Welcome to Common Gunsense

I hope this blog will provoke some thoughtful reflection about the issue of guns and gun violence. I am passionate about the issue and would love to change some misperceptions and the culture of gun violence in America by sharing with readers words, photos, videos and clips from articles to promote common sense about gun issues. Many of you will agree with me- some will not. I am only one person but one among many who think it's time to do something about this national problem. The views expressed by me in this blog do not represent any group with which I am associated but are rather my own personal opinions and thoughts.
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Friday, June 17, 2011

Guns and childish pranks

The gun rights activists laughed at us at the Minnesota House Public Safety Committee this past spring. They laughed at an example given of an Ohio man who shot a teen-ager who was in his yard one night trying to figure out if his house was haunted. The man  claimed that he felt threatened when the girls trespassed and he shot out of his window into the dark yard, not really knowing where his bullets would end up. Here were his comments: " "It's really something how homeowners defend themselves and the way the laws are written, we're the ones brought up on charges while the perpetrators get little or nothing," he said." 

This brings me to the main point of today's post. I've been traveling and had plans to post something very different on my return. But then a news story about a 12 year old boy playing "Ding Dong Ditch" caught my eye. For daring to ring the doorbell at the home of a jittery gun owner, he was shot in the back while running away. This shooting of a 12 year old Kentucky boy playing "Ding Dong Ditch" is no laughing matter. Mr. Bishop, the shooter, isn't laughing either since he has now been charged for attempted murder. Luckily for him, the boy was injured and not killed, which could easily have happened. He will have physical and emotional scars for the rest of his life. Can anyone remember playing "Ding Dong Ditch"? I can. I played the game with friends while at slumber parties. We sneaked out of the house and thought we were cute and daring by ringing the doorbells of neighboring homes. Can anyone remember thinking a house in their city was haunted and driving or walking by to find out just to be a teen-ager and for the thrill of feeling scared? I did the very same with friends in my city where a large old house was rumored to be haunted so naturally we had to check it out. I guess the girl who was shot by the owner of the "haunted house" felt more than scared once the bullets entered her body.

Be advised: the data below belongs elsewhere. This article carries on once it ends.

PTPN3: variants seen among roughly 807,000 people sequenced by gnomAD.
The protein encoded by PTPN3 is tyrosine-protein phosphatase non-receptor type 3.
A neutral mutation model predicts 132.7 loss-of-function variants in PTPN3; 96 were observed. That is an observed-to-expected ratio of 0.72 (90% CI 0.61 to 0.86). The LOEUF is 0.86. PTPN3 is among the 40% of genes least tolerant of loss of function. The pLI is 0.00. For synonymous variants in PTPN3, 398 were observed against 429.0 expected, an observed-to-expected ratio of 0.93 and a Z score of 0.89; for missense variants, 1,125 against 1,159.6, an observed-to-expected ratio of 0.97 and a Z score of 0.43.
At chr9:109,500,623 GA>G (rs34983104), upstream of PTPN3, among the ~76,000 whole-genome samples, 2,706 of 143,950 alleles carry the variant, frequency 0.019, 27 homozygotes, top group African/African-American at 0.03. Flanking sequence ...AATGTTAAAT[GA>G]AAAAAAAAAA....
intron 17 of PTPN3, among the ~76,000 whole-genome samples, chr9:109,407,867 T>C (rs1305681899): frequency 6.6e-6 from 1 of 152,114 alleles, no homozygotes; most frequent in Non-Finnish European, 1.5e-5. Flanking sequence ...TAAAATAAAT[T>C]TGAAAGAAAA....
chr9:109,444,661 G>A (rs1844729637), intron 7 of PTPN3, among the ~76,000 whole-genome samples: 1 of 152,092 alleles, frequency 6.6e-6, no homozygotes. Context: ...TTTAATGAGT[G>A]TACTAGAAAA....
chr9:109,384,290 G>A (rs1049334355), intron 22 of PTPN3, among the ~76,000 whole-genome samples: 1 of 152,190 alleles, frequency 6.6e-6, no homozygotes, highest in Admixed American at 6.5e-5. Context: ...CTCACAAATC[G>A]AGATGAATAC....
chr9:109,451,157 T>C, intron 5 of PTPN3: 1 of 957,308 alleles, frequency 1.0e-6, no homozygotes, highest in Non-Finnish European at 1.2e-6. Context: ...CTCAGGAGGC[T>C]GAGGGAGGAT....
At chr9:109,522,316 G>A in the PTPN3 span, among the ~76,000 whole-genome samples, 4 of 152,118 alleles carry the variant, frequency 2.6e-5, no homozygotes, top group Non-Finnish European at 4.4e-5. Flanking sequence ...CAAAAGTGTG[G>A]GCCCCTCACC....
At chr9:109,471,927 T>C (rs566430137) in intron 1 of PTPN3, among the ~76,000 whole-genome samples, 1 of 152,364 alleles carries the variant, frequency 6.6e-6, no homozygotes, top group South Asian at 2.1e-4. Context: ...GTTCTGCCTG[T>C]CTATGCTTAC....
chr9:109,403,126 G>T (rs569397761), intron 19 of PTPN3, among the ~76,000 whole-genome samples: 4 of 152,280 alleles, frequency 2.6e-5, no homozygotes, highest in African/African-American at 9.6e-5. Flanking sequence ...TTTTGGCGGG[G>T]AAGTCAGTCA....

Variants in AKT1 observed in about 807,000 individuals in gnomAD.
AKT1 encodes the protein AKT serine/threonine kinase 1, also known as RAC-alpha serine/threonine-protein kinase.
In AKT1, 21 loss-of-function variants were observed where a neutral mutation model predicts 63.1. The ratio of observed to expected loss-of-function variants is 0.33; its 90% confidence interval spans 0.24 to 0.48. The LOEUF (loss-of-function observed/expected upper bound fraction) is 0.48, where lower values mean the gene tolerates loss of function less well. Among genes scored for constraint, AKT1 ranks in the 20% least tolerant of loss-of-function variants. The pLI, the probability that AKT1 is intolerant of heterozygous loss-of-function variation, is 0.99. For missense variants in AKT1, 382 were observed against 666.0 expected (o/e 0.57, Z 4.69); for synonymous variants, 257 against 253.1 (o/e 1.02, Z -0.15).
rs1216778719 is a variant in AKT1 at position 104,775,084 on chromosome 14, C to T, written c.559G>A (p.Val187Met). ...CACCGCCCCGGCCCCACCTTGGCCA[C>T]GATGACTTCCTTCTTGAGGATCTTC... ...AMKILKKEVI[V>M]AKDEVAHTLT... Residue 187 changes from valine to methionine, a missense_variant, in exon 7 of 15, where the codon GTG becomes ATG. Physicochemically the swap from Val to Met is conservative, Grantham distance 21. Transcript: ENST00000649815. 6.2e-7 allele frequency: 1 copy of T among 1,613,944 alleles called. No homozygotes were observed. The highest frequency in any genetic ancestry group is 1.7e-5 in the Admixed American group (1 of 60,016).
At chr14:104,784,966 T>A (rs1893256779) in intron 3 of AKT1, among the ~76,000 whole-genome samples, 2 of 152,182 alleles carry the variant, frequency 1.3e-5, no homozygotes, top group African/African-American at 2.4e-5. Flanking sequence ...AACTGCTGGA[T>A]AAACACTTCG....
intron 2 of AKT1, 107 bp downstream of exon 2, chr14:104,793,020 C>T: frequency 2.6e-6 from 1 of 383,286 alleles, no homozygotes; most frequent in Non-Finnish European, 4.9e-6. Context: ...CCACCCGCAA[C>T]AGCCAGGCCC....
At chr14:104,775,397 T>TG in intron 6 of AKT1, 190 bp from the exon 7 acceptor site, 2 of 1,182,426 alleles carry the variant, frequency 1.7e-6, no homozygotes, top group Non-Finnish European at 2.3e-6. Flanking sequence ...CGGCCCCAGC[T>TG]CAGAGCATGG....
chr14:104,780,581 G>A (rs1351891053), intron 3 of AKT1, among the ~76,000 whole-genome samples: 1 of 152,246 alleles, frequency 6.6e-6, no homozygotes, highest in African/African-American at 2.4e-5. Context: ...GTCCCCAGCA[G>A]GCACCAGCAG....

These shootings raise important questions about what justifiable self defense really is. Can you just shoot a child, or anyone else for that matter, in the back as they are running away from your house and think it's self defense? Is it all right to get your gun whenever you hear a noise and shoot out into the darkness when all you need to do is yell out or call the police? Is this self defense? When guns are around and you are afraid of people lurking around every corner to do you harm, is this the end result? What if Kentucky had a version of Shoot First? Oh yes, it does, actually. Expanded "Castle Doctrine"  laws are meant to allow for shootings in places not normally thought of as dwellings and in places away from your home. They are meant to take away the usual responsibility to think before shooting. They are meant to expand gun rights over the rights of people to be safe from being shot.There are true justifiable self defense cases and those acting under these provisions are most often not charged with the injury or death of the victim. Mr. Bishop, the Kentucky man who shot the boy after he rang his doorbell was arrested and has been charged. Check out Kentucky's self defense law. Let's hope that Mr. Bishop will not get away with this senseless shooting. There appears to be a provision in the Kentucky law that would apply here. I don't know about you, but I wonder who actually writes these laws? They just never seem to pass the plain language test. Is that by design? I'm just asking.

In looking around for Kentucky gun laws, I found this advice for people involved in a case of a self defense shooting. From the linked blog, " Don’t turn these groups against your case by making ill-timed remarks. Sometimes the most difficult obstacles to overcome are the ones encountered after you re-holster your weapon." Hmmm. What does this actually mean? Is this advice meant to make a case for a justifiable self defense even when it isn't? I'm just asking. Others are wondering about the Kentucky law as well. As recently as June 1, this article appeared in the Kentucky News Review.